After looking at Cliff Palace from the overlook, I continued to drive the loop. I saw a man putting up a sign for fry bread and immediately took the next right into the Ute Mountain Tribal Soda Point. Fry bread is a Native American treat. I love it sweet with cinnamon and honey or savory when topped with beans, lettuce, tomatoes and cheese. I was the first customer of the day and struck up a conversation with Maxine who was fixing my fry bread. Her dad is half Cheyenne and half Ute. Her mom is Navajo. She topped my fry bread with cinnamon and honey. There are a couple of picnic benches in the shade. I had seat and devoured every morsel.
Full on fry bread, I continued driving the loop and stopped to look at the Hemenway House. Balcony House was closed so I finished the Cliff Palace Loop and decided to drive the Mesa Top Loop. My first stop was at Navajo Canyon Overlook. I then made several stops to look at pit houses and villages. I stopped at Sun Point View. It’s one of my favorite views in Mesa Verde because you can see Cliff Place, Sunset House, Oak Tree House and other cliff dwellings as you gaze up and down the canyon. My last stop on this loop was at Sun Temple. It’s a bit of a mystery. It was built sometime in the 1200s and was part of the community with cliff dwelling around it. The massive structure is unlike any in the park. It was close to 1 p.m. when I started down the mesa. I made a final stop at Park Point Overlook. At 8,572 feet, it’s the highest point in Mesa Verde.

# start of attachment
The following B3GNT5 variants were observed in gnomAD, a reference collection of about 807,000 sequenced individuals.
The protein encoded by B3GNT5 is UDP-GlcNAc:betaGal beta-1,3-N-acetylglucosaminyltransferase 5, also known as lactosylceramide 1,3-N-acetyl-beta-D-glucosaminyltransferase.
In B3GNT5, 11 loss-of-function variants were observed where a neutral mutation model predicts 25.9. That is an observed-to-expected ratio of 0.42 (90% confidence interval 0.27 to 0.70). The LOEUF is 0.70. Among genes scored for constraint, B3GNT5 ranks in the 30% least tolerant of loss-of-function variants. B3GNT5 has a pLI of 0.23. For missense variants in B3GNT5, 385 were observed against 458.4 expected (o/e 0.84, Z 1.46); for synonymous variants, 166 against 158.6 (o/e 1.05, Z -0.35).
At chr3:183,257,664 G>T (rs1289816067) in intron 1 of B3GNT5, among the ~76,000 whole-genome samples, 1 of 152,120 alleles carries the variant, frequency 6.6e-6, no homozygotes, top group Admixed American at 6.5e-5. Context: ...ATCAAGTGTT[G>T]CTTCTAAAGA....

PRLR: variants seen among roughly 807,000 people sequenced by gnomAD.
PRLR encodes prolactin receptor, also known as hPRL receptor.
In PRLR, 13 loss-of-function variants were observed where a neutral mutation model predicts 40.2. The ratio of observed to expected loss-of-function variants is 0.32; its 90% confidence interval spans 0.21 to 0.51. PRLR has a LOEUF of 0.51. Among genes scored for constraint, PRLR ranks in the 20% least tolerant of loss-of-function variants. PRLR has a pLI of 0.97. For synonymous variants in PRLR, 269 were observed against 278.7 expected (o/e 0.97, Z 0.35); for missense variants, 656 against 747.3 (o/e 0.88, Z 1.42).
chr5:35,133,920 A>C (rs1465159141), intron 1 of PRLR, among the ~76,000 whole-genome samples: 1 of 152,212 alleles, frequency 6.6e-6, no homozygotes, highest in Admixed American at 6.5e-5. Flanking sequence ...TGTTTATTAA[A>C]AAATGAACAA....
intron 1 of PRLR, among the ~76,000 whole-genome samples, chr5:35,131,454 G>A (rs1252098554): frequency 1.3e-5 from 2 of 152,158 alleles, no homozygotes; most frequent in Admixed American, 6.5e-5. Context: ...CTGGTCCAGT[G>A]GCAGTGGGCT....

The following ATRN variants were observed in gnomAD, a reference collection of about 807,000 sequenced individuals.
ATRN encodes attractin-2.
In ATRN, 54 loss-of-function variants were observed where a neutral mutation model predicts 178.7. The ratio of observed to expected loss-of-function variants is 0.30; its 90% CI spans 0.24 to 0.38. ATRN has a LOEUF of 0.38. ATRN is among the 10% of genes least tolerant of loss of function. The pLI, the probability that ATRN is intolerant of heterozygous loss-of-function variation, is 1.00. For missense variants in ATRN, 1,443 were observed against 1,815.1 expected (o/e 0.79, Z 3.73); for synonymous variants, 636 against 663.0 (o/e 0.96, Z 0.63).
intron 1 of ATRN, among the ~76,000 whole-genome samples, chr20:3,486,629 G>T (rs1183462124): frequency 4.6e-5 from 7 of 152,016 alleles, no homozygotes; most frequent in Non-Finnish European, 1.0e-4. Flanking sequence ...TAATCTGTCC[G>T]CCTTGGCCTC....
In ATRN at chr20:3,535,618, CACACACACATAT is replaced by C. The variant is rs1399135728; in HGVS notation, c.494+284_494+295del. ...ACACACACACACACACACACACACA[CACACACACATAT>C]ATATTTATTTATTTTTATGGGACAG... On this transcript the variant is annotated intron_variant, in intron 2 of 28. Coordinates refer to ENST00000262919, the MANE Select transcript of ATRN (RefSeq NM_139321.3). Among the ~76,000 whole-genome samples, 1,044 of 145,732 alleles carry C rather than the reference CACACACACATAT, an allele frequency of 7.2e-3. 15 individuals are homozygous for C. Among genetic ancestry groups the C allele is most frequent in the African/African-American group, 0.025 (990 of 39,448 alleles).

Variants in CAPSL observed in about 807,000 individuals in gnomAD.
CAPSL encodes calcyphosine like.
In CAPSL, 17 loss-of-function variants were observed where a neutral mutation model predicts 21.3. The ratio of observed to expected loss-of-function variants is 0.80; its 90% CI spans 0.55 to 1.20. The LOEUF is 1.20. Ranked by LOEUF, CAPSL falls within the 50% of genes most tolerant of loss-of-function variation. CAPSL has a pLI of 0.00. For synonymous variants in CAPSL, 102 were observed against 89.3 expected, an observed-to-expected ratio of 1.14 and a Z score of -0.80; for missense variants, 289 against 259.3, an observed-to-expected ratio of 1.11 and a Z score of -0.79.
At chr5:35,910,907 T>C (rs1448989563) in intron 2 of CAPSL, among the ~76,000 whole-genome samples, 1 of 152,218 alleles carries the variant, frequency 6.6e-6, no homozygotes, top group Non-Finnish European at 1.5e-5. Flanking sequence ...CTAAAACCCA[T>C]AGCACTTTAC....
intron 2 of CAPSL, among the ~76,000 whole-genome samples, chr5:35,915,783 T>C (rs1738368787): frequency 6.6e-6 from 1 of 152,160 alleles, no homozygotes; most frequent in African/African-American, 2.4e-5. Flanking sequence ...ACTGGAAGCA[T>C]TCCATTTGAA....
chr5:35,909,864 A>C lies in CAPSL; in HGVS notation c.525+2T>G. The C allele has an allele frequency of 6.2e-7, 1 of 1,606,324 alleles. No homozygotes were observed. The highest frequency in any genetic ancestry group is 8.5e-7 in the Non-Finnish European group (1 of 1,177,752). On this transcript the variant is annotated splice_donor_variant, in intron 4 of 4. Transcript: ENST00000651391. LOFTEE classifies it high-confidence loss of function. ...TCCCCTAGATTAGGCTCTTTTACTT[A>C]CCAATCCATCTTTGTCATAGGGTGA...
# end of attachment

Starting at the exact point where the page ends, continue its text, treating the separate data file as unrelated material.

On the way back through Durango, I grabbed a late lunch at Bread. Their mozzarella sandwich with pesto and olive tapenade, mixed greens and tomato is wonderful. I grabbed that and a gingersnap cookie then headed into the San Juan’s to meet some friends who were rock climbing at Cascade Falls.
Just after you pass Purgatory Ski Resort, you cross over Cascade Creek on a hairpin turn then immediately go into a parking lot on the right. About a half mile down the dirt road, you’ll see a small parking area at the trailhead. If you get to the meadow, you’ve gone to far. I know that from experience! My friend Theresa hiked back out to meet me and we did the short and steep trek to Cascade Falls. The falls are picturesque, made even more so by the hummingbird that kept flying into the mist. I enjoyed the scenery while my friends climbed until it started to rain a little.
On the way back to Durango, I stopped at James Ranch. They have my favorite veggie burger ever. Instead of a patty, it’s made with two slices of squash, topped with caramelized onions and other veggies. The cheese is from the ranch too. While I was waiting for my burger, I walked over to look at the pastures and saw a spectacular rainbow. I noshed on my burger at one of the picnic tables thinking about my great day. Before leaving, I popped in the market at James Ranch to get some cheese and produce to take home.
Day 3: Durango Hot Springs, Purgatory, Downtown Stroll and Sunset Hike